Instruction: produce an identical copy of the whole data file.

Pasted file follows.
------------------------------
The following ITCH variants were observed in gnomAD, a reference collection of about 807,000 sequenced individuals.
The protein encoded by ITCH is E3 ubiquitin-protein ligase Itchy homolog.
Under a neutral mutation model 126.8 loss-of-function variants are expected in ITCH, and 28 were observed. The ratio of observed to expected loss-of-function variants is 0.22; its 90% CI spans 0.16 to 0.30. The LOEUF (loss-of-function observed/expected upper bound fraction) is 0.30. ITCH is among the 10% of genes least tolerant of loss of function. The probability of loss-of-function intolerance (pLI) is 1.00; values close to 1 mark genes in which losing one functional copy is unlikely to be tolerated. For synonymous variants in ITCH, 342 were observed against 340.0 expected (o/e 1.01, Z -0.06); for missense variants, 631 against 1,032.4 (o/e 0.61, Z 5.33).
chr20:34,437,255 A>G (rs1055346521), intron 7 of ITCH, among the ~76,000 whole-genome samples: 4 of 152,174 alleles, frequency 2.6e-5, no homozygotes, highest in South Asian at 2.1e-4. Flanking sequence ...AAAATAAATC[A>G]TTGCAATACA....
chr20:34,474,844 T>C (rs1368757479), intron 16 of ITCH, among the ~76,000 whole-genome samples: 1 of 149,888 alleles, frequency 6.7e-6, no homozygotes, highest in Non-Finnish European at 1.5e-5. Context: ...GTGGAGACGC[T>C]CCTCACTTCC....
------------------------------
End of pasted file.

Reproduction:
The following ITCH variants were observed in gnomAD, a reference collection of about 807,000 sequenced individuals.
The protein encoded by ITCH is E3 ubiquitin-protein ligase Itchy homolog.
Under a neutral mutation model 126.8 loss-of-function variants are expected in ITCH, and 28 were observed. The ratio of observed to expected loss-of-function variants is 0.22; its 90% CI spans 0.16 to 0.30. The LOEUF (loss-of-function observed/expected upper bound fraction) is 0.30. ITCH is among the 10% of genes least tolerant of loss of function. The probability of loss-of-function intolerance (pLI) is 1.00; values close to 1 mark genes in which losing one functional copy is unlikely to be tolerated. For synonymous variants in ITCH, 342 were observed against 340.0 expected (o/e 1.01, Z -0.06); for missense variants, 631 against 1,032.4 (o/e 0.61, Z 5.33).
chr20:34,437,255 A>G (rs1055346521), intron 7 of ITCH, among the ~76,000 whole-genome samples: 4 of 152,174 alleles, frequency 2.6e-5, no homozygotes, highest in South Asian at 2.1e-4. Flanking sequence ...AAAATAAATC[A>G]TTGCAATACA....
chr20:34,474,844 T>C (rs1368757479), intron 16 of ITCH, among the ~76,000 whole-genome samples: 1 of 149,888 alleles, frequency 6.7e-6, no homozygotes, highest in Non-Finnish European at 1.5e-5. Context: ...GTGGAGACGC[T>C]CCTCACTTCC....